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Behaviorism and Social Learning

Introduction to Behaviorism and Social Learning: Skinner and Bandura
by

Terrie Hui

on 9 September 2012

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Transcript of Behaviorism and Social Learning

A Path to Building a Positive Relationship with Your Teen You can have positive Communication Boundaries Structure that is positive and consistent. What boundaries do you have set up in your home? Are your teens out of control? People learn through stimulus and response Push Play
to see how
it works Children learn communication skills from their parents/caretakers. As they grow older they develop the same type of communication skills. The social learning process begins at a very early age. According to research conducted by Albert Bandura,
people learn new behaviors, values and attitudes by
observing others. For example, a teen may learn to
skip school from his/her peers by observing their
actions and consequences. Social Learning Teenagers can learn positive communication skills by observing their parents and other adults Communicate in positive ways and receive positive outcomes.

Positive outcomes will more likely produce more positive communication. Not sure what to do? Just follow the path and Let's see how it works Don't Give UP!!!!! that are fair
and practical Introduction to
Behaviorism and Social Learning:
Skinner and Bandura
CD 650/Fall, 2012
by:
Terrie Hui
Kelli O'Shea
Rosalyn Reed B. F. Skinner built on Pavlov's classical conditioning using the stimulus - response method to understand behavior. look at what research says... "By observing what sorts of
stimuli elicited what sort
of response, psychologist could
explain what makes
people behave as they do"
(Thomas, p 123). Stimulus for Penny is chocolate Response for Sheldon is Skinner noted that there are two types of conditioning:

Stimulus - Response conditioning: some type of stimuli to emit a response

Operant (instrumental)conditioning:
A method of conditioning through consequences
(Thomas, 123) Skinner believed the best way to understand behavior is to look at the causes of a behavior and the consequences.

Ex. Teen calling parent when he is going to be late coming home. Consequences:

Skinner identified different types of consequences and how they are used to elicit desired behavior. Positive reinforcer - parent praising teen for calling when
they are going to be late and allows more time.
Negative reinforcer - turning cell
phone off during school in order not to interrupt learning and avoid having it taken away. PUNISHMENTs- are consequences to reduce the tendency to repeat the same behavior in the future. The goal is for the behavior to be extinct. Ex. Grounding from cell phone for texting inappropriate material. Shaping and Chaining Reinforcements Shaping-consist of reinforcing any type of progress a teen makes towards a desired act. The desired act can be shaped by gradual steps into a more refined desired act by requiring better and better outcomes before reinforcement. Thirteen Ex. Getting your teenager to clean room. A parent can start out with reinforcing any type of clean up in general.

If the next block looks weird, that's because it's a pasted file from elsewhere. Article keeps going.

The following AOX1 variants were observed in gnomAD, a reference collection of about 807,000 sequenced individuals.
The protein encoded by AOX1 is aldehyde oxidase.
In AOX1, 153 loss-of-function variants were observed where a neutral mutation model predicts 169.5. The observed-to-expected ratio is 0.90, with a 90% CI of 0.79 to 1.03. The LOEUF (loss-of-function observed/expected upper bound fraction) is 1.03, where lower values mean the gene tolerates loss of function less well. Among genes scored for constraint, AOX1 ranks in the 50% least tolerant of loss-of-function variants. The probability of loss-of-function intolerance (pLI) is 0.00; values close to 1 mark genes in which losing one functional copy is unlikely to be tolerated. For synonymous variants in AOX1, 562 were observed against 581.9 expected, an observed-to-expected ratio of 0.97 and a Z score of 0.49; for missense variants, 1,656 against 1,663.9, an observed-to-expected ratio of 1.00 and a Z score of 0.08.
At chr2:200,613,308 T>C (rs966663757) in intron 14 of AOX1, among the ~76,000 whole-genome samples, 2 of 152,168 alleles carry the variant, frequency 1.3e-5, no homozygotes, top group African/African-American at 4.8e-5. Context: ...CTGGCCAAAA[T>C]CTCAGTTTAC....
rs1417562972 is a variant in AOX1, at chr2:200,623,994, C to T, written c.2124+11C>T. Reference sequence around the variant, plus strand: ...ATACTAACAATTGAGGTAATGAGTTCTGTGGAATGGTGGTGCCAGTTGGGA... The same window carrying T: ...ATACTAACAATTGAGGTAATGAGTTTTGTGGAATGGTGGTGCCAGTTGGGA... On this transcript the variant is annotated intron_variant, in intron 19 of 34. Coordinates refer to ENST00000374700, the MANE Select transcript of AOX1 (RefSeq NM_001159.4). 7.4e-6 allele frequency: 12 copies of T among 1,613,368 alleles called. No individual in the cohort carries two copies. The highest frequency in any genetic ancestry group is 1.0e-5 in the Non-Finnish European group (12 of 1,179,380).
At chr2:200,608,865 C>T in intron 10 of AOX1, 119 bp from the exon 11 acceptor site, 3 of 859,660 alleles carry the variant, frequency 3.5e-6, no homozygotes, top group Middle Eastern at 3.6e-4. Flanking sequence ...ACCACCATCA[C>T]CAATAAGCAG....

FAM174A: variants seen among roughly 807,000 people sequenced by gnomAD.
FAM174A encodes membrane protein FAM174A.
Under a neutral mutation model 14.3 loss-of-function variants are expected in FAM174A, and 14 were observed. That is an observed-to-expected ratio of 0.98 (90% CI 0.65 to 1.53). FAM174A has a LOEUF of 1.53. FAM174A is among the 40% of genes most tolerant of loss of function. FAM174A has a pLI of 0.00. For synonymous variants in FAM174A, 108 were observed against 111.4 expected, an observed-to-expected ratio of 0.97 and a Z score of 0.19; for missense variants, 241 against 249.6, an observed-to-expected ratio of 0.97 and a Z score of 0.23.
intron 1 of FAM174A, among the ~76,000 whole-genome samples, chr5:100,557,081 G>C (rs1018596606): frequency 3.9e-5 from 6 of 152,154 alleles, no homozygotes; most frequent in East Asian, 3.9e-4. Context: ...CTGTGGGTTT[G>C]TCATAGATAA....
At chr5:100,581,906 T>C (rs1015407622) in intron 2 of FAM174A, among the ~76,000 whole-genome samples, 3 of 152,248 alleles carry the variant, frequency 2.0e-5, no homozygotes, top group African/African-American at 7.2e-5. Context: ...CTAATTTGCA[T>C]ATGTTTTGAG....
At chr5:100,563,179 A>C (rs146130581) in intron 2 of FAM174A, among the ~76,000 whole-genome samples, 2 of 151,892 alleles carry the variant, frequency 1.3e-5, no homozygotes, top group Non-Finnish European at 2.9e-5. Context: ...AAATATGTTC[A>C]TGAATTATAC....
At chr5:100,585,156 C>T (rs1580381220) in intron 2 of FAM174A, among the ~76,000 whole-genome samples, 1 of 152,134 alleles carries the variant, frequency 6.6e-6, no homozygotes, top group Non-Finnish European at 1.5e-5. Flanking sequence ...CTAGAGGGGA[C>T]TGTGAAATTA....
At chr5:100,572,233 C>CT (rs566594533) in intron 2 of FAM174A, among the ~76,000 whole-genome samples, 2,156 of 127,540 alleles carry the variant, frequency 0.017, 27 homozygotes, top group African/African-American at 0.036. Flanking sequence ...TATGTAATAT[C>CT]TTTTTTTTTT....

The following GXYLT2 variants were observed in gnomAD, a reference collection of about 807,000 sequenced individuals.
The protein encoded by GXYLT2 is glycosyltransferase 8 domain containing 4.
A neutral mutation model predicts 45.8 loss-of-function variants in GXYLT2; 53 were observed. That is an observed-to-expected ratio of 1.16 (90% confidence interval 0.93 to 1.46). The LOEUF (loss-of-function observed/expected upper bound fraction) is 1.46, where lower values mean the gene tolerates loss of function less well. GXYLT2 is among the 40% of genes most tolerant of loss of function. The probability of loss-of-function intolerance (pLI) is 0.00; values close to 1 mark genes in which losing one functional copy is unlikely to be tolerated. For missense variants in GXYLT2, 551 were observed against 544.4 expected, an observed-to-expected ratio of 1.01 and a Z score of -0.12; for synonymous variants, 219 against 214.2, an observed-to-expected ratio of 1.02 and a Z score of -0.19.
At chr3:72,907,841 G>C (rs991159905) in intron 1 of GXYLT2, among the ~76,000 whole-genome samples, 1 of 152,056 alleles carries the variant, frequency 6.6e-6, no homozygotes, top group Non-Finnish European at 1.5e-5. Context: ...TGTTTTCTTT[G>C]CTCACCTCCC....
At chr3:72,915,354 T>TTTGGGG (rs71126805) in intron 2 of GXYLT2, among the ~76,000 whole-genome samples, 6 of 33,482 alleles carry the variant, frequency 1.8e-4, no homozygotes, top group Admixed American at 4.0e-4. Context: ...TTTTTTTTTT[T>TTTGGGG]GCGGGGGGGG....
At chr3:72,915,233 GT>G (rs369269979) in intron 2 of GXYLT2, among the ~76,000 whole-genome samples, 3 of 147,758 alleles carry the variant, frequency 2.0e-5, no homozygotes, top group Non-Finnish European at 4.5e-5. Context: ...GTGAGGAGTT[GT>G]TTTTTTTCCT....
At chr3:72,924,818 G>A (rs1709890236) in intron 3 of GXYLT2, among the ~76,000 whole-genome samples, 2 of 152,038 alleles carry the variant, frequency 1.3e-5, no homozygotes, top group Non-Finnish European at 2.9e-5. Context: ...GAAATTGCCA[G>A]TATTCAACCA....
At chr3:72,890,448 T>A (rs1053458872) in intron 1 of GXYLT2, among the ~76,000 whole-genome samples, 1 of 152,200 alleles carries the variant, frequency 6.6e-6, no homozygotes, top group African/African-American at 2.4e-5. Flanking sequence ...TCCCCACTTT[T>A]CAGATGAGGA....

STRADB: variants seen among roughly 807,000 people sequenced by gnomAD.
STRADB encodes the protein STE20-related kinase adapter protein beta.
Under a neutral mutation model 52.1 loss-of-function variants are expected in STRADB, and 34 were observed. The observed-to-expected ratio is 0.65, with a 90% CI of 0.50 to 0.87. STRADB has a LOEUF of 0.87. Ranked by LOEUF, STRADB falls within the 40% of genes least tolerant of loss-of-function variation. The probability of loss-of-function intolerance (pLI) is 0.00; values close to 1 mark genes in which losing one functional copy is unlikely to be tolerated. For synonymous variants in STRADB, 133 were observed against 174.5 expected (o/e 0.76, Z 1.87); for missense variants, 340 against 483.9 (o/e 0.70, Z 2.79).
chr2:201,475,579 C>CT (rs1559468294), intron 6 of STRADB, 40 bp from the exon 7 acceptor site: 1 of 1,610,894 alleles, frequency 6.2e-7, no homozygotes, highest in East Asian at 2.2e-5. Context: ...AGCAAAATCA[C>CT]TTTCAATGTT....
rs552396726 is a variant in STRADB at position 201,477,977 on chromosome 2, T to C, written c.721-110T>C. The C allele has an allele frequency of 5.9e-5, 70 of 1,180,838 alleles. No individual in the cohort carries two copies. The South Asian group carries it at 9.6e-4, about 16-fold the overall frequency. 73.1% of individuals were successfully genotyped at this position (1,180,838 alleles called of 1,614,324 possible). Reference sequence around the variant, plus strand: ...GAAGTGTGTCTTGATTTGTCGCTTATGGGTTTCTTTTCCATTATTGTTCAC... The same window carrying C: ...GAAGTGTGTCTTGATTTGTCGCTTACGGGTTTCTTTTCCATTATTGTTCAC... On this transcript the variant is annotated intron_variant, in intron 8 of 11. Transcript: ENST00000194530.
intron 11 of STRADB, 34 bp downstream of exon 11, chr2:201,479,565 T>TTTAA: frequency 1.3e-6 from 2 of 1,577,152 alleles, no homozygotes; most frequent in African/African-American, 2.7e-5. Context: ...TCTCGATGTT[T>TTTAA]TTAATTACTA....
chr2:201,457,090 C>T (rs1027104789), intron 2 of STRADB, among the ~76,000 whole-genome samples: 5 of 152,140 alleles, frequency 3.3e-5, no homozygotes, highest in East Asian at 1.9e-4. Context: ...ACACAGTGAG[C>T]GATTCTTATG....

Then progress to reinforcement for organizing closet only.

Then progress to reinforcement for bringing laundry to laundry room.

Then progress to reinforcement for making bed.

Finally, progress to reinforcement when all the tasks are completed. Chaining - involves reinforcing individual responses occurring in a sequence to form a complex behavior.

This process can be used to allow many behaviors to follow one another before reinforcement is actually delivered. Skinner believed behavior can be
controlled by consequences - a type of reinforcement following the behavior Reward - reinforcer
positive reinforcer - strengthen tendencies to repeat the act
negative reinforcer - strengthen tendencies not to repeat the act + _ Ex. Teenager cleaning room would complete one task at a time before reinforcement is given.

They would pick up clothes, make the bed, and organize closet The Scope of Skinner's Theory

1) It is not limited to any control setting

2) It's principles apply to all age levels, from prenatal to death

3) It claims to explain all varieties of behavior Skinner's Radical Behaviorism tried to demonstrate orderly relations between behavior and the environment.

He did not trust the investigations of thoughts and feelings and depended analysis of environmental conditions and people's reactions. Skinner believed the basic drive behind all behavior is to survive In environments that are stable for a long period of time a human can directly inherit traits for survival.

In environments that are unstable and change often it is better for a human to learn the ability to adapt more frequently. Skinner's Theory on Child Rearing Skinner saw child development as fulfilling the child's needs quickly and completely as possible in earliest years. Then very gradually, the demands and annoyances of normal life are introduced at a controlled rate ensures that children can master them without aquiring negative feelings. Recommended Text:

Walden Two - Walden Two is a utopian novel written by behavioral psychologist B. F. Skinner, first published in 1948. In its time, it could have been considered to be science fiction, as the methods employed to alter people's behavior did not yet exist.
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